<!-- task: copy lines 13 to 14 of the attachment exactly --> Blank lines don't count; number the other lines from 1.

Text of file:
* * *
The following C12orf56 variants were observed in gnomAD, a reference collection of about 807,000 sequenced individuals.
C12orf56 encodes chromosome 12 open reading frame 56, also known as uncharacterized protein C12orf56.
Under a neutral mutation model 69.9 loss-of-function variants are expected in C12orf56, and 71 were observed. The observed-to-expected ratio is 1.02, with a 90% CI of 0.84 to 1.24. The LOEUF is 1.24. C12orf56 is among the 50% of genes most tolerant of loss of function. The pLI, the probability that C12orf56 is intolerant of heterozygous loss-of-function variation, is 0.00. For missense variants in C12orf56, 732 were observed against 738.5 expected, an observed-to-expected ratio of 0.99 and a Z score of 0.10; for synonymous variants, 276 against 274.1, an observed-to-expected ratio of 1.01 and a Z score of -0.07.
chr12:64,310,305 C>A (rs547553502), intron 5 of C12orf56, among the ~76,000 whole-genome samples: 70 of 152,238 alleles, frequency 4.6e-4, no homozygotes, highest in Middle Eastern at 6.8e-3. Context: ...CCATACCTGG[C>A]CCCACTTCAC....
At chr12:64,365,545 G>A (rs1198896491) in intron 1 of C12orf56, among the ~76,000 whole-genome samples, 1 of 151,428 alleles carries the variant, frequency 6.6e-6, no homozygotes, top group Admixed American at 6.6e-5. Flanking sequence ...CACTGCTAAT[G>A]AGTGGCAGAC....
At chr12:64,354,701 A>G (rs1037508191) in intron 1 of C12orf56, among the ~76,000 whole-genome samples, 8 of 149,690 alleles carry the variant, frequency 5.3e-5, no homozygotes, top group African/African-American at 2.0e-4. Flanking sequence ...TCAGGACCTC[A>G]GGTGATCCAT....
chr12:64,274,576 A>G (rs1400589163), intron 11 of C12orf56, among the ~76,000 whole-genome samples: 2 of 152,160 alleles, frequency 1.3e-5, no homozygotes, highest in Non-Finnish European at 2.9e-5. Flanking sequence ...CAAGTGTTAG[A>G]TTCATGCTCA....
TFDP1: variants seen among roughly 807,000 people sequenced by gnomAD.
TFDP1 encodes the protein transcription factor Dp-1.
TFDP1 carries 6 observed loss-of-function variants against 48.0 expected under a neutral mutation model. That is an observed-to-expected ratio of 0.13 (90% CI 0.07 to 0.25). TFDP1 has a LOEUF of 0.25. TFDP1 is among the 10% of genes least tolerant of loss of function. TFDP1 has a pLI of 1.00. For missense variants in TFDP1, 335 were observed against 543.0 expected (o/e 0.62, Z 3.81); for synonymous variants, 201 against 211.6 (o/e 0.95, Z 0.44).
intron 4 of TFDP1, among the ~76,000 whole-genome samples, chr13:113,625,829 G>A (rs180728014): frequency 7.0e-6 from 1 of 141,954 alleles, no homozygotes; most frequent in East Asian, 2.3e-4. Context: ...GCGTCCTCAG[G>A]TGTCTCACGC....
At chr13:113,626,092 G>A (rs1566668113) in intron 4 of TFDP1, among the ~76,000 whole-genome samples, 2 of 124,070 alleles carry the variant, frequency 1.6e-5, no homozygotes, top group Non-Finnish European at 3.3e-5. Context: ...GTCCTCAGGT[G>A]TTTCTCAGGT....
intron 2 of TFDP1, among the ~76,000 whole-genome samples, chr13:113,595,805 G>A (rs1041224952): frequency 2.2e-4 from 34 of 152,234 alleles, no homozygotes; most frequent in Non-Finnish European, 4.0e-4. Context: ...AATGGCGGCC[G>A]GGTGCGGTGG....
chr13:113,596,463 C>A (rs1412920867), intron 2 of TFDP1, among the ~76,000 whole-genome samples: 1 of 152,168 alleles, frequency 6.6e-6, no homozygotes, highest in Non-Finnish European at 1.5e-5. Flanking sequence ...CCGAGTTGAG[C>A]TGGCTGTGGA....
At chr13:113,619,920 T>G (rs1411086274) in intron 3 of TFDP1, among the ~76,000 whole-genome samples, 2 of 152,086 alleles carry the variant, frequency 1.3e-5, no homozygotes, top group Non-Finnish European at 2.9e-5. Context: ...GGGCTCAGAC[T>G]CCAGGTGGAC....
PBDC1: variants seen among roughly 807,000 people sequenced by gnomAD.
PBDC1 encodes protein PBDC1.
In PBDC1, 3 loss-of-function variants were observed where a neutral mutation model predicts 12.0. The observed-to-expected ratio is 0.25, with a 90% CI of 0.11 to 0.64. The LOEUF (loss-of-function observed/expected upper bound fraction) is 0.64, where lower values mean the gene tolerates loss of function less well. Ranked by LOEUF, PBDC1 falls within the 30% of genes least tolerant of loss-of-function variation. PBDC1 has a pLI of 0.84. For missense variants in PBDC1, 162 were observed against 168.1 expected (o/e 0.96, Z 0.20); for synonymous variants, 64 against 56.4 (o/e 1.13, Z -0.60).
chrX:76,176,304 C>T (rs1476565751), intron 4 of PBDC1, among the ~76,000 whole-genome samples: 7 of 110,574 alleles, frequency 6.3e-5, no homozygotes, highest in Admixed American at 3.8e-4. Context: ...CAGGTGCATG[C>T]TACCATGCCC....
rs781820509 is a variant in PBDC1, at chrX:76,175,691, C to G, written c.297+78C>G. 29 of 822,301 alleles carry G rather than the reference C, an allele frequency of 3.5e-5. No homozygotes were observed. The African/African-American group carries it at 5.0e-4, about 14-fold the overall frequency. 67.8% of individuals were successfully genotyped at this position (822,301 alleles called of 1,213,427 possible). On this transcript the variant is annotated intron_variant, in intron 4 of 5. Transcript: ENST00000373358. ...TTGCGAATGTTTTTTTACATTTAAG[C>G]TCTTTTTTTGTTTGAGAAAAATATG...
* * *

intron 2 of TFDP1, among the ~76,000 whole-genome samples, chr13:113,595,805 G>A (rs1041224952): frequency 2.2e-4 from 34 of 152,234 alleles, no homozygotes; most frequent in Non-Finnish European, 4.0e-4. Context: ...AATGGCGGCC[G>A]GGTGCGGTGG....
chr13:113,596,463 C>A (rs1412920867), intron 2 of TFDP1, among the ~76,000 whole-genome samples: 1 of 152,168 alleles, frequency 6.6e-6, no homozygotes, highest in Non-Finnish European at 1.5e-5. Flanking sequence ...CCGAGTTGAG[C>A]TGGCTGTGGA....